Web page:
From global tax reform to the rise of tax technology to concerns about their function’s ability to innovate, a recent survey looks at what’s on the minds of tax leaders.
KPMG teamed up with Forbes Insights to poll 300 chief tax officers and senior tax professionals to get their take on the economy, tax reform and the outlook for the corporate tax function itself. That tax leaders are bullish on the global economy may not come as a huge surprise – three-quarters say they expect to see continued growth over the next three years. Interestingly, though, they’re even more optimistic on the growth outlook for their own company: 85 per cent expect to see some expansion over the next twelve months.
Survey respondents are also enthusiastic about the results of tax reform, too, judging by the comments from CTOs quoted in the report – though there’s a definite note of caution here. As I’ve pointed out before, corporate tax got a whole lot more complicated with the passage of the TCJA. I think many readers will sympathise with the comments of one executive cited in the survey report: “Basically, Congress kept most of the old rules and layered new rules on top of them. Now it’s like playing a game of three-dimensional chess.”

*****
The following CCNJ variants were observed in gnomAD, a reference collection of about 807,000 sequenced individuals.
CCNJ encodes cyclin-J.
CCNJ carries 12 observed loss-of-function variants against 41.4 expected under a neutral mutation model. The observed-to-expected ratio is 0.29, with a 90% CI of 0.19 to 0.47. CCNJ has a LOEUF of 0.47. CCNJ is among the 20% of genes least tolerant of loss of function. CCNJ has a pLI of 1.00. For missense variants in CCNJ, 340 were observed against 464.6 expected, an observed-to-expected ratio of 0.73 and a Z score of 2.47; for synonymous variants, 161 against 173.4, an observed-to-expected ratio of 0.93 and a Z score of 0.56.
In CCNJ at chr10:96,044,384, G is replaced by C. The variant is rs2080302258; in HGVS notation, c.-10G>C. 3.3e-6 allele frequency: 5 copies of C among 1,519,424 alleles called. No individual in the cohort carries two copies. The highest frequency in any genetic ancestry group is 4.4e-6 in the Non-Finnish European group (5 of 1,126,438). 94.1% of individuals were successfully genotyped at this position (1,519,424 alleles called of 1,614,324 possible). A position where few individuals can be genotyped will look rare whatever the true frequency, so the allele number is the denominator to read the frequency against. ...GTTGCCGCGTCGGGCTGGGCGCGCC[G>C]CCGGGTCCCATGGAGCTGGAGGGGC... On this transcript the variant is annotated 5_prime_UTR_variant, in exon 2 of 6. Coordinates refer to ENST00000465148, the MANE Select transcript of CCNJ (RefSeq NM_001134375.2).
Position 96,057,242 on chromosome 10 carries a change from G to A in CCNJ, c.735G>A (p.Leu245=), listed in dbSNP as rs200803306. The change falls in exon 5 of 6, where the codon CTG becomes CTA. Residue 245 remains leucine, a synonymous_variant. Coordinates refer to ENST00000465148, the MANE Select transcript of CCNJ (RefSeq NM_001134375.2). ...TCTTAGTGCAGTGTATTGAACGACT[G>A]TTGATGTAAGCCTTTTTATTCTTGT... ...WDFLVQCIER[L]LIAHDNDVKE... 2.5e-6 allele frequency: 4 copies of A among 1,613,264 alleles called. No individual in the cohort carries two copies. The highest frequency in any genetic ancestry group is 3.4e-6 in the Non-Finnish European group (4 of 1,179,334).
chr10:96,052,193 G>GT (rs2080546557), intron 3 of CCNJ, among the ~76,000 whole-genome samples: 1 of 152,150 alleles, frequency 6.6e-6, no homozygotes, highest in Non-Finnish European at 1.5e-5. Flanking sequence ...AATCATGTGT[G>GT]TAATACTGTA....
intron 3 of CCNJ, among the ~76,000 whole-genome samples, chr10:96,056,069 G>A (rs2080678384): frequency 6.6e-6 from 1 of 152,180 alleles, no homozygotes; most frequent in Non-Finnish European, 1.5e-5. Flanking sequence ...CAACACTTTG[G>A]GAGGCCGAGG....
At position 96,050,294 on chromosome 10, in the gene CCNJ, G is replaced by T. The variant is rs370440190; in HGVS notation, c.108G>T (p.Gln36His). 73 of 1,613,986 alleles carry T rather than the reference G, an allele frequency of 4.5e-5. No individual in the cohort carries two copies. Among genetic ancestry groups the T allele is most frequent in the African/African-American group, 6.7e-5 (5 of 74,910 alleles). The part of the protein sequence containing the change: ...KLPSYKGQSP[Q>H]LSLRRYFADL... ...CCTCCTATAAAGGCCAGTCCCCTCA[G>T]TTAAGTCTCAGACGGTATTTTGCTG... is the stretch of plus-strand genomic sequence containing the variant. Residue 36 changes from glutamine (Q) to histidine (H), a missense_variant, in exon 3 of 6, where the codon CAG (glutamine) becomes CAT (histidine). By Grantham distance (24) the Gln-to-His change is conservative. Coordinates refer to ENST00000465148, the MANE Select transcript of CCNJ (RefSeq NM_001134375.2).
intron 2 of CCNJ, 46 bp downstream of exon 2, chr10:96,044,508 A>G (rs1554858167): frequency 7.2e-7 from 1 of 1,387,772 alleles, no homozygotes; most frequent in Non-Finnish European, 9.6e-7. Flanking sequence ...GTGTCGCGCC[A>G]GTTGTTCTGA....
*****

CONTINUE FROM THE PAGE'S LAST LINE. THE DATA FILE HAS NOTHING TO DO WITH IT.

For me, the most striking survey results concern technology and how it will drive the transformation of the tax function. It seems that many CTOs are worried that tax is falling behind the rest of the organisation. Less than half (45 per cent) said that tax is keeping pace with innovation; 31 per cent cited identifying and implementing new technologies as a top challenge. Yet, respondents are clearly keeping an eye on the latest innovations. Seventy-nine per cent identified data and analytics as a leading investment for the department, and 76 per cent identified emerging technologies.
On this count, the comments of KPMG Principal David Jarczyk seem spot-on: “We all know the value that lies hidden in tax data. With the support of their organisations, CTOs could become disruptive innovators who help rewrite the role and contributions that tax departments make to the bottom line.”
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